According to Holocaust historians, the Jews were “death marched” out of Auschwitz in order to kill them by marching and those who survived the march were then taken to camps like Dachau for the purpose of killing them.
The photo above, taken after the liberation of Dachau, shows what the camp looked liked before the survivors rushed to the fence to greet the liberators. The Dachau camp was surrounded by a wall on three sides; on the west side of the camp was a barbed wire fence with a ditch in front of it. Behind the ditch was a strip of grass which was off limits for the prisoners. A few of the prisoners were killed instantly when they touched the fence before the electricity was turned off. The little six-year-old girl could have been trampled to death by the rush to the fence, but apparently she survived.
Between the two barracks in the photo above can be seen three flags, including a British flag. There were several captured British SOE men at Dachau when it was liberated. On the right is Barrack 27, where Belgian political prisoners were housed in Room 4. Catholic priests also lived in Barrack 27, but they had already been released a few days before the Americans arrived. Dachau was mainly a camp for political prisoners, particularly resistance fighters, who were fighting during World War II as illegal combatants.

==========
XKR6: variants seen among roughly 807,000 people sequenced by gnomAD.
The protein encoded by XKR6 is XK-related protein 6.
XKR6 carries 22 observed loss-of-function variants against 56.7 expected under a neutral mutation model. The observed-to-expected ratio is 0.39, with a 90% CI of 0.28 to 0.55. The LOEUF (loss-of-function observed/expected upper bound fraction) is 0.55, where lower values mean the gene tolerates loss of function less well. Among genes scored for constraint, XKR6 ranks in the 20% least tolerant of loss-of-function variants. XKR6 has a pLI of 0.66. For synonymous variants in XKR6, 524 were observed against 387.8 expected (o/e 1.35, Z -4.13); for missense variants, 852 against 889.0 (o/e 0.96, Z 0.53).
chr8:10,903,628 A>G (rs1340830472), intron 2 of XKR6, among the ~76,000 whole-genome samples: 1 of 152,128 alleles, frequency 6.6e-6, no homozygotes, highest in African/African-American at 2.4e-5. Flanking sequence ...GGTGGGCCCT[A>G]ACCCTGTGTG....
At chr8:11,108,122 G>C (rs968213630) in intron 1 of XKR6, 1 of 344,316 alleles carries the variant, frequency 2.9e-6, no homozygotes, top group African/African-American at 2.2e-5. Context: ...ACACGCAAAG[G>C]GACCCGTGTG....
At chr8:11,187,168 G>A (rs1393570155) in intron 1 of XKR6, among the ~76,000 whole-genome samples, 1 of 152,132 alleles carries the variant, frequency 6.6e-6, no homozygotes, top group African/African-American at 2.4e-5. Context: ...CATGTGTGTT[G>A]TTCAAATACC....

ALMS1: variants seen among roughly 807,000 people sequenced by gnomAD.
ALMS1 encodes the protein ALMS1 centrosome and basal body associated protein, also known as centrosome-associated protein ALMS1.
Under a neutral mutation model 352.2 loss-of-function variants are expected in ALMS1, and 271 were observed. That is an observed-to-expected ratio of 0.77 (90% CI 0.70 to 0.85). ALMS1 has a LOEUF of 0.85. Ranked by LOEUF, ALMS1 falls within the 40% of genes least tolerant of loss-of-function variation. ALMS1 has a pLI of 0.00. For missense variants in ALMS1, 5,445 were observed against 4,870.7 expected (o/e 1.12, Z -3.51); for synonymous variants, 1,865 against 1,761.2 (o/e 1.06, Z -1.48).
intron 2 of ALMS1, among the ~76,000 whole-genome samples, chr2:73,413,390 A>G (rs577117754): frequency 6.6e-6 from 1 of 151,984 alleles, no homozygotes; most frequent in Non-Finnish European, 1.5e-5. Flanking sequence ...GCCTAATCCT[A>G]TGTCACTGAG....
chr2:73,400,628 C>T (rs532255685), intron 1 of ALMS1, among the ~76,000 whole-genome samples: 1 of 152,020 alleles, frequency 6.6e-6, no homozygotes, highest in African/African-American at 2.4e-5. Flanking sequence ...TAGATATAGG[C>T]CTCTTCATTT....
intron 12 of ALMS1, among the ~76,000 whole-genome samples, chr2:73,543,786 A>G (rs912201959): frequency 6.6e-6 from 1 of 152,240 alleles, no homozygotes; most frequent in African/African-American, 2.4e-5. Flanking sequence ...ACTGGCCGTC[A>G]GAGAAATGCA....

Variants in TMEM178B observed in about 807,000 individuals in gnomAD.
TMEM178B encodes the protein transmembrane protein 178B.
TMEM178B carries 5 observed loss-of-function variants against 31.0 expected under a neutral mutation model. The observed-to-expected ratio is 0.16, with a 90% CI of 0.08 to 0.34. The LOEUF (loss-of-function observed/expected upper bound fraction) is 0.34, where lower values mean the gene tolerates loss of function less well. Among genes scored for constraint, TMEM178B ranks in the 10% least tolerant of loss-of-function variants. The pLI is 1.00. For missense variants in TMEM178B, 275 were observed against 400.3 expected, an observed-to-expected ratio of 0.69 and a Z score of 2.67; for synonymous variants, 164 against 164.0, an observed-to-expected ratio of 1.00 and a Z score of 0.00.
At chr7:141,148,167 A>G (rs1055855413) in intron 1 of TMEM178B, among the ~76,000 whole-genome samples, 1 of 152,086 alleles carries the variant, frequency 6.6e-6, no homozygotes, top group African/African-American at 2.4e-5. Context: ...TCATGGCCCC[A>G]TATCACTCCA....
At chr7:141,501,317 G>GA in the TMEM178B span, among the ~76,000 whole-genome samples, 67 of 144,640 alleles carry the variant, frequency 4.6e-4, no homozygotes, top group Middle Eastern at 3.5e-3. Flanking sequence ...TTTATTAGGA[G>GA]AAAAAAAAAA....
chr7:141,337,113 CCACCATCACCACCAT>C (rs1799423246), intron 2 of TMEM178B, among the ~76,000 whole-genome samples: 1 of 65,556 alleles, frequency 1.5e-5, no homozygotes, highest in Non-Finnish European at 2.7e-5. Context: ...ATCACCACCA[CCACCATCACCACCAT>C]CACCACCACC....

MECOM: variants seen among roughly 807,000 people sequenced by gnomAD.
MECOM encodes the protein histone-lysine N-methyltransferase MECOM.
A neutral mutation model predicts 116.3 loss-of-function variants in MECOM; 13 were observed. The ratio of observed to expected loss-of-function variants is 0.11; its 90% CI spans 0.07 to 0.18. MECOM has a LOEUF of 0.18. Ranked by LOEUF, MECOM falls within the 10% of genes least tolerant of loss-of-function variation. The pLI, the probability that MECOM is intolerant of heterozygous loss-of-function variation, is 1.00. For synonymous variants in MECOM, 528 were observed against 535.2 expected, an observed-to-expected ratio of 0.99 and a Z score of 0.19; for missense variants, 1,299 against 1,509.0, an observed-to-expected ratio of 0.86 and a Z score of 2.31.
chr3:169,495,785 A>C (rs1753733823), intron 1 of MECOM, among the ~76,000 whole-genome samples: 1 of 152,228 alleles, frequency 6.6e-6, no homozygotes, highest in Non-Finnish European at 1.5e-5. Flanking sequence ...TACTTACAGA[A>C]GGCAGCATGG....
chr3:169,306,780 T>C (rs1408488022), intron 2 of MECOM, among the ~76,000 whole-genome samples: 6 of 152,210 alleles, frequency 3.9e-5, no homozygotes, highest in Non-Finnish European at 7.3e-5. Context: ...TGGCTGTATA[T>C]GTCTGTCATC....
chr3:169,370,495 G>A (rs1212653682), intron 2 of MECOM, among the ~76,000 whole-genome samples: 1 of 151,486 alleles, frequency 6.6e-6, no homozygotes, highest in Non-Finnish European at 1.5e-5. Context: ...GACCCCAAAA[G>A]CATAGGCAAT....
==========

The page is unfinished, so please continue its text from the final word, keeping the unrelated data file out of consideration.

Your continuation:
Most Americans knew about the internment camps in America during World War II. Eisenhower referred to the Nazi camps as “internment camps,” because that was the terminology that was familiar to Americans.
According to Wikipedia, President Franklin D. Roosevelt authorized the internment camps in America with Executive Order 9066, issued February 19, 1942, which allowed local military commanders to designate “military areas” as “exclusion zones,” from which “any or all persons may be excluded.” This power was used to declare that all people of Japanese ancestry were excluded from the entire Pacific coast, including all of California and most of Oregon and Washington, except for those in internment camps.